The Secretary of the Interior and scientists are drawing attention to a massive die off in seagrass in the Florida Bay. The marine plant deaths threaten not only the submerged ecosystem, but the local sport fishing economy worth $1.2 billion a year.
The Florida Bay, which runs along the Keys, is famous for its pristine turquoise water. Over 40,000 acres of the Bay, however, is now cloudy with floating dead grasses.
“[Being] out of balance at a time of climate change is really going to have a huge impact on South Florida, if we don’t do something about it,” Interior Department Secretary Sally Jewell, who surveyed the dead grass last week in a visit to the Everglades, said, according to The Washington Post. “This is what we get when we don’t take care of Florida Bay.”
Seagrasses are “grass-like flowering plants” submerged in marine and estuarine waters, according to the National Park Service Everglades website. They occupy about 2.2 million acres in the state and perform a number of life sustaining functions. They trap fine sediment and particles in their leaves to help maintain water clarity. The plants stabilize the Bay’s bottom with their roots and rhizomes as well as provide shelter for fish, crustaceans and shellfish. The grasses are also an important food source for marine animals and water birds.
There are competing theories as to what is causing the die-off. Florida did experience a drought 2014 to 2015, but Brian La Pointe, a researcher with Florida Atlantic University, argues it is the nutrient runoff from lawns and agriculture choking the water with nitrogen, which causes algae to overbloom.
Other experts argue it is the construction of homes, roads and cities as people move to the area, stifling the flow of fresh water from mainland Florida. Six million people now live in South Florida and rely on the Biscayne aquifer for drinking water.
Waterflows from Shark River Slough in mainland Florida to the Everglades and into Florida Bay have dropped to just a quarter of previous annual flows, causing the Bay to become twice as salty as normal, according to The Washington Post. Salty conditions result in less oxygen for the seagrass and create intolerable conditions for marine organisms such as sea bass, snappers, pink shrimp, spiny lobsters and spotted seatrout, which attract sport fishing to the tune of $1.2 billion a year for the local economy.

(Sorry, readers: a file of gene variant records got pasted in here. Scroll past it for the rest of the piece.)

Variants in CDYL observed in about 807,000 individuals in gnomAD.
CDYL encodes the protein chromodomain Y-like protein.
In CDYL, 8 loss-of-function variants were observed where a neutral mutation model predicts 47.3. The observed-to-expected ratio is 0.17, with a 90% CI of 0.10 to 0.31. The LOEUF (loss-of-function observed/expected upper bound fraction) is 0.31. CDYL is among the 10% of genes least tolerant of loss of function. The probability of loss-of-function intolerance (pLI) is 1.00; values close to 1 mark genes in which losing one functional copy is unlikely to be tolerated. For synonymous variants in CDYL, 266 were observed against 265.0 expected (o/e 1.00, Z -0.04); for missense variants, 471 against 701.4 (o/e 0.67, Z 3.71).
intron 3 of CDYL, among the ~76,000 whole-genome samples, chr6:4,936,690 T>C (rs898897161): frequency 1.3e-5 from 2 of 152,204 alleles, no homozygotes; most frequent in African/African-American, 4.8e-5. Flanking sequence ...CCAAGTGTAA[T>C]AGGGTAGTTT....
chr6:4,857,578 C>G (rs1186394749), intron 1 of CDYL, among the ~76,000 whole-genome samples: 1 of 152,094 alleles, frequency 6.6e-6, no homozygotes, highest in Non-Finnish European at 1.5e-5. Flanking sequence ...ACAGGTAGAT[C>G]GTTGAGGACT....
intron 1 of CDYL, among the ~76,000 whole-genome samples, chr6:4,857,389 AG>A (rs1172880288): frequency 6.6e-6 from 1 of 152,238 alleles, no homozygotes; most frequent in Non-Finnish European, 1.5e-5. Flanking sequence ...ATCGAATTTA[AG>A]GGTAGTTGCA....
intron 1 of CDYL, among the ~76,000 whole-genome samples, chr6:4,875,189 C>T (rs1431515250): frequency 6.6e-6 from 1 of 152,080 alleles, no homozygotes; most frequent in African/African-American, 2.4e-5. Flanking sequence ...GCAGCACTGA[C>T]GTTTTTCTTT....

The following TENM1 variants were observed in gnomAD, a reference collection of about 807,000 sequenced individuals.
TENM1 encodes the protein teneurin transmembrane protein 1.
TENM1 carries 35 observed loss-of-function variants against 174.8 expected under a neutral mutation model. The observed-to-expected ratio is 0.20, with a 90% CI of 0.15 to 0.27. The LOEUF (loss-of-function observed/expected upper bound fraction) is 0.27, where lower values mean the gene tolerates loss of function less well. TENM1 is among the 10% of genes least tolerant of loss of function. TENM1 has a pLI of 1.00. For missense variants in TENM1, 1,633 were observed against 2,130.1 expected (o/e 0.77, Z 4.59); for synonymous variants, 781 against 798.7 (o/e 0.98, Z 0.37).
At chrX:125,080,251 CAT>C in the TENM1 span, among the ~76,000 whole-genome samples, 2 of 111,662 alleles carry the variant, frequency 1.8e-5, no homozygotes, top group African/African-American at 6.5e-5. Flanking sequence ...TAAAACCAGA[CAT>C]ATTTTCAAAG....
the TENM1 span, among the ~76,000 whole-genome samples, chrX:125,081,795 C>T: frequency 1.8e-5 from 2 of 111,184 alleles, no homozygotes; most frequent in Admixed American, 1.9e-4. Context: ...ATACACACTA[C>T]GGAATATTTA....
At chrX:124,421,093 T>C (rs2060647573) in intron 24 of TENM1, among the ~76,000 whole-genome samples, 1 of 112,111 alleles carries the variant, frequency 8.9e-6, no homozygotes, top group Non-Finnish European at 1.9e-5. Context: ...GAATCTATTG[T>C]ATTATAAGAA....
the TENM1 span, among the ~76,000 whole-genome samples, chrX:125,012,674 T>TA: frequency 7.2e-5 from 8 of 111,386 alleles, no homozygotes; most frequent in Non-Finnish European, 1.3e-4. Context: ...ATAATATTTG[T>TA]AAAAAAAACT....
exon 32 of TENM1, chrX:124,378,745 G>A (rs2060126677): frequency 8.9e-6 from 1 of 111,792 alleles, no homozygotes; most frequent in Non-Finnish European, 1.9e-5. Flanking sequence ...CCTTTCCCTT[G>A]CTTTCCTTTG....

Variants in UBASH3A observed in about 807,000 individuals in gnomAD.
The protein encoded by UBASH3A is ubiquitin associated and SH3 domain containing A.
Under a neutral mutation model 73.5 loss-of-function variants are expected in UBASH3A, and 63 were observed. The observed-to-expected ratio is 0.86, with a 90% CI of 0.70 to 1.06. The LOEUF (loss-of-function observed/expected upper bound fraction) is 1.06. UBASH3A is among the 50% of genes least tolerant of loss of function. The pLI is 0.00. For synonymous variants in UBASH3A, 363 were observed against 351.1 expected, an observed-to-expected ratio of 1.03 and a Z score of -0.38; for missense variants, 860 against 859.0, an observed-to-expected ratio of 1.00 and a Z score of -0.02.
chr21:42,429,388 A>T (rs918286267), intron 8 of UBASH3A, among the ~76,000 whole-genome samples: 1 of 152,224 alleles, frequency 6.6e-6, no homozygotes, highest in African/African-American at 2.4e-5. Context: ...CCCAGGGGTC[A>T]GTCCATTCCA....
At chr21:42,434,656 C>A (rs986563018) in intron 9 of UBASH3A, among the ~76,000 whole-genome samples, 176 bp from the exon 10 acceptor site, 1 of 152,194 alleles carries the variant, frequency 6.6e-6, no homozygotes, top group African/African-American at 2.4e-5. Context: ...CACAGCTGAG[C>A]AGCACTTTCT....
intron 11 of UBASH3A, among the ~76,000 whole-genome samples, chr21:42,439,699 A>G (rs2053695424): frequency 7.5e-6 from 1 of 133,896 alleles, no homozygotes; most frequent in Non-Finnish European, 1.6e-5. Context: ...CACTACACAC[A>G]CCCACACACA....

During her visit, Secretary Jewell announced a $144 million “bridging” project to elevate Highway 41, which connects Miami to Tampa and runs through the Everglades. Constructed almost a hundred years ago, the highway interrupts water flowing south into the Everglades. Lifting the bridge, they hope, will restore freshwater flow levels, but the project is not scheduled to be completed until 2020.
James Fourqurean, a marine scientist who studies seagrass at Florida International University, said the die-off, which began mid-2015, has “started faster as far as we can tell this year.”
“In the 80s, it continued to get worse for three years,” Fourqurean told The Washington Post.
Fourqurean is referring to 1987 when the die-off was so extreme it became a topic of national news headlines. Florida Bay became a river of dead grass. The casualty prompted Congress to approve federal funding for the Comprehensive Everglades Restoration Plan. But 15 years later, the area is still not getting enough fresh water flowing into the Bay.
Fourqurean and Everglades experts think that what they are experiencing is a “serious environmental breakdown.”
Much attention has been paid to the loss of coral reefs, but seagrass ecosystems are equally in trouble. In a study in 2009, scientists found the grasses globally had declined by 29 percent since the late 19th century.